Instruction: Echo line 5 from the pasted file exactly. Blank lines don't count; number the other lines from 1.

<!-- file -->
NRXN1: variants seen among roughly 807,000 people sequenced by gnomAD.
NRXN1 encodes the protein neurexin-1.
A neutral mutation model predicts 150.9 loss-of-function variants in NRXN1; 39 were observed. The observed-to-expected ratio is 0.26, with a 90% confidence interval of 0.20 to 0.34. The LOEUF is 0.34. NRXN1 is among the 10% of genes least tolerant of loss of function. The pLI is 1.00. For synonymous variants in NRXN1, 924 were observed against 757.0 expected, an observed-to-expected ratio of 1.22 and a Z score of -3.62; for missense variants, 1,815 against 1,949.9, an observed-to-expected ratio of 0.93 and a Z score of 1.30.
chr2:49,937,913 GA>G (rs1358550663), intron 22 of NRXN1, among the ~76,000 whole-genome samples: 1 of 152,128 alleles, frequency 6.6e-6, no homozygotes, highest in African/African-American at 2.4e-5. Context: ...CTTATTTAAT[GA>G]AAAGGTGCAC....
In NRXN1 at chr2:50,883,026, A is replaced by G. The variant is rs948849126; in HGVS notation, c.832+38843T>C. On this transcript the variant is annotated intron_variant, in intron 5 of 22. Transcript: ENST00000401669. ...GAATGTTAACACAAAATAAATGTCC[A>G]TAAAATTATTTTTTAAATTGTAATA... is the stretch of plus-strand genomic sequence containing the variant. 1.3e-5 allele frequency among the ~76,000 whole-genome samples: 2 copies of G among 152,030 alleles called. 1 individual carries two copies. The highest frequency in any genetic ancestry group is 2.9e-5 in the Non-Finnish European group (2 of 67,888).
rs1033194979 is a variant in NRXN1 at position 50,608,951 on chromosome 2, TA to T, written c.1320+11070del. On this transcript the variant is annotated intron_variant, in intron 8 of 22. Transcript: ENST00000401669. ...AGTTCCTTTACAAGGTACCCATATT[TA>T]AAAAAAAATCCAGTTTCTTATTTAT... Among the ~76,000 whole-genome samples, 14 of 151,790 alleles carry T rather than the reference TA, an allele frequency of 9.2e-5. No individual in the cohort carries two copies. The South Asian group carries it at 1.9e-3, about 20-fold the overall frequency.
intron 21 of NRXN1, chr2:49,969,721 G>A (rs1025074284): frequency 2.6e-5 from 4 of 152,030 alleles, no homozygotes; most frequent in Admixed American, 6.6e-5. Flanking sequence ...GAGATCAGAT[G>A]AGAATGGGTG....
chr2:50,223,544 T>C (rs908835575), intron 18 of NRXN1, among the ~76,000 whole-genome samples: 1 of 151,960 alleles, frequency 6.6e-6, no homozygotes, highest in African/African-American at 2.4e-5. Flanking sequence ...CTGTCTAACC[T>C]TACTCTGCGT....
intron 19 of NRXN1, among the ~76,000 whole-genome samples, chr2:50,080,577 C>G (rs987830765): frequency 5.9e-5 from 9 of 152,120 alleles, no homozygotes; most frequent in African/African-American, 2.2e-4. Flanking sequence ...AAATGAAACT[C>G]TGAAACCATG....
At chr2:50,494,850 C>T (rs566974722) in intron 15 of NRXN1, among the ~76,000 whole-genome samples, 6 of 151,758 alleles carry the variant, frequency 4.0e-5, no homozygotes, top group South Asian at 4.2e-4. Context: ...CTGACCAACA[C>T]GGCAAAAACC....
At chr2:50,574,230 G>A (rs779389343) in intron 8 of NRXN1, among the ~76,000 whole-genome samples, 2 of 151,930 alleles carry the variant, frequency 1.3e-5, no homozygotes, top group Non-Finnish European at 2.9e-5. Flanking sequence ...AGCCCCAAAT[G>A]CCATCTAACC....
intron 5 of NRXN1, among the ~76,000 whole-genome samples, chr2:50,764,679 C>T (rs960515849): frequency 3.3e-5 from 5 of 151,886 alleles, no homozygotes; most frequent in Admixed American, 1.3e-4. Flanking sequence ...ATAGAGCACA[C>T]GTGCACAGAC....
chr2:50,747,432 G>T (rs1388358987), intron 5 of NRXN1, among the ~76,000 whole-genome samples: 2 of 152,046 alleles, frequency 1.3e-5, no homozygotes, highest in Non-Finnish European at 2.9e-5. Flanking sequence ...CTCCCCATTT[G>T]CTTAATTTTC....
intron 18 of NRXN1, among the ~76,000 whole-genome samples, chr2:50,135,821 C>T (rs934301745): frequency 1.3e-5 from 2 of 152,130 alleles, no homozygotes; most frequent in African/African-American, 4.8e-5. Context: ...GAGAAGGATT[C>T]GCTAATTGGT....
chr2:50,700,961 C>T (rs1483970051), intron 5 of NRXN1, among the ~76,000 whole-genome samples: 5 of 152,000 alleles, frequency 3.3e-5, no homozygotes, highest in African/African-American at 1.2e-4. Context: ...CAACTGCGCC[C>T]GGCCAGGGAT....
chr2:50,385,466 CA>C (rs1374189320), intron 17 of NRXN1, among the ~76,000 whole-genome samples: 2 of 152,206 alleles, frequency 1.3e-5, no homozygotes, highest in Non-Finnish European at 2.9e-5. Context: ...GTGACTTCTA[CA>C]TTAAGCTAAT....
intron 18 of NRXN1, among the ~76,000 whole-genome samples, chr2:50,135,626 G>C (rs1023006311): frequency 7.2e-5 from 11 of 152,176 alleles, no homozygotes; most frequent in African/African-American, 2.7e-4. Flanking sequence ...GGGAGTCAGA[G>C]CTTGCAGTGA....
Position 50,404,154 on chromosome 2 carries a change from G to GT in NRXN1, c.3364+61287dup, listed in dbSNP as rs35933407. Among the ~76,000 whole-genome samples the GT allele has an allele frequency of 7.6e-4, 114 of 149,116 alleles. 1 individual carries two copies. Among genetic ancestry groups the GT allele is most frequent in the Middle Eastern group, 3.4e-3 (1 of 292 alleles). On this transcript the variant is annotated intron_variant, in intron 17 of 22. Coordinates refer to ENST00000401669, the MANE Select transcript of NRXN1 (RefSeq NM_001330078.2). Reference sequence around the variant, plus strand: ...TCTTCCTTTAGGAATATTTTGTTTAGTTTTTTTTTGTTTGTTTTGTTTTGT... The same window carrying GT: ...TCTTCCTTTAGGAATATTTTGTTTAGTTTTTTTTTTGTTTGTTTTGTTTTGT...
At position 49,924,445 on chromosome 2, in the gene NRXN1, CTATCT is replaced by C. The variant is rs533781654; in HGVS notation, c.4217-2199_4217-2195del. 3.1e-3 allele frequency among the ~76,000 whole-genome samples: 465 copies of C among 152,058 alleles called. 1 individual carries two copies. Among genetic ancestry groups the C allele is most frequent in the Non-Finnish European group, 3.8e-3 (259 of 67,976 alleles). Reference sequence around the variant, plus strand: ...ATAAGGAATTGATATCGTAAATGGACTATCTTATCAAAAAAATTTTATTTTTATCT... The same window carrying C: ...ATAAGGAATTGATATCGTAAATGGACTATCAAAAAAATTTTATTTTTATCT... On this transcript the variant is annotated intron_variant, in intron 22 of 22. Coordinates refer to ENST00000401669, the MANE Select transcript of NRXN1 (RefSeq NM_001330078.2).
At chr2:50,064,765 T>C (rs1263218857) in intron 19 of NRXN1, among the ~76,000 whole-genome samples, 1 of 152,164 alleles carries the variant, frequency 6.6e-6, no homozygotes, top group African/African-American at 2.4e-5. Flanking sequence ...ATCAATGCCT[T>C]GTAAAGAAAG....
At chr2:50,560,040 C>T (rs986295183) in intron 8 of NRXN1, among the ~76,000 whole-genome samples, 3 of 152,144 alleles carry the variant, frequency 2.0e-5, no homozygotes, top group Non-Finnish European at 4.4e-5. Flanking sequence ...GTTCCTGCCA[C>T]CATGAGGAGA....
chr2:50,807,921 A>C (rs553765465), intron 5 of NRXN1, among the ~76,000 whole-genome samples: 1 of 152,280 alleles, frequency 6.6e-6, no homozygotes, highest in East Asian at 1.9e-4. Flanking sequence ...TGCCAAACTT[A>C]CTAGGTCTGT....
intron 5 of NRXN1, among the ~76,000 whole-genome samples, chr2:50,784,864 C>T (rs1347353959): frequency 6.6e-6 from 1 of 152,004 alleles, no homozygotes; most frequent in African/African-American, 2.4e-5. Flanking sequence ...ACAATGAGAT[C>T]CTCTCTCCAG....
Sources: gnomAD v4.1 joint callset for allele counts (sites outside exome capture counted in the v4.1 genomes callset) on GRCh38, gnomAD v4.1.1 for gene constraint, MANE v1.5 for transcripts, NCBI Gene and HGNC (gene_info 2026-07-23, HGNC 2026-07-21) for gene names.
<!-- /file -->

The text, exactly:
In NRXN1 at chr2:50,883,026, A is replaced by G. The variant is rs948849126; in HGVS notation, c.832+38843T>C. On this transcript the variant is annotated intron_variant, in intron 5 of 22. Transcript: ENST00000401669. ...GAATGTTAACACAAAATAAATGTCC[A>G]TAAAATTATTTTTTAAATTGTAATA... is the stretch of plus-strand genomic sequence containing the variant. 1.3e-5 allele frequency among the ~76,000 whole-genome samples: 2 copies of G among 152,030 alleles called. 1 individual carries two copies. The highest frequency in any genetic ancestry group is 2.9e-5 in the Non-Finnish European group (2 of 67,888).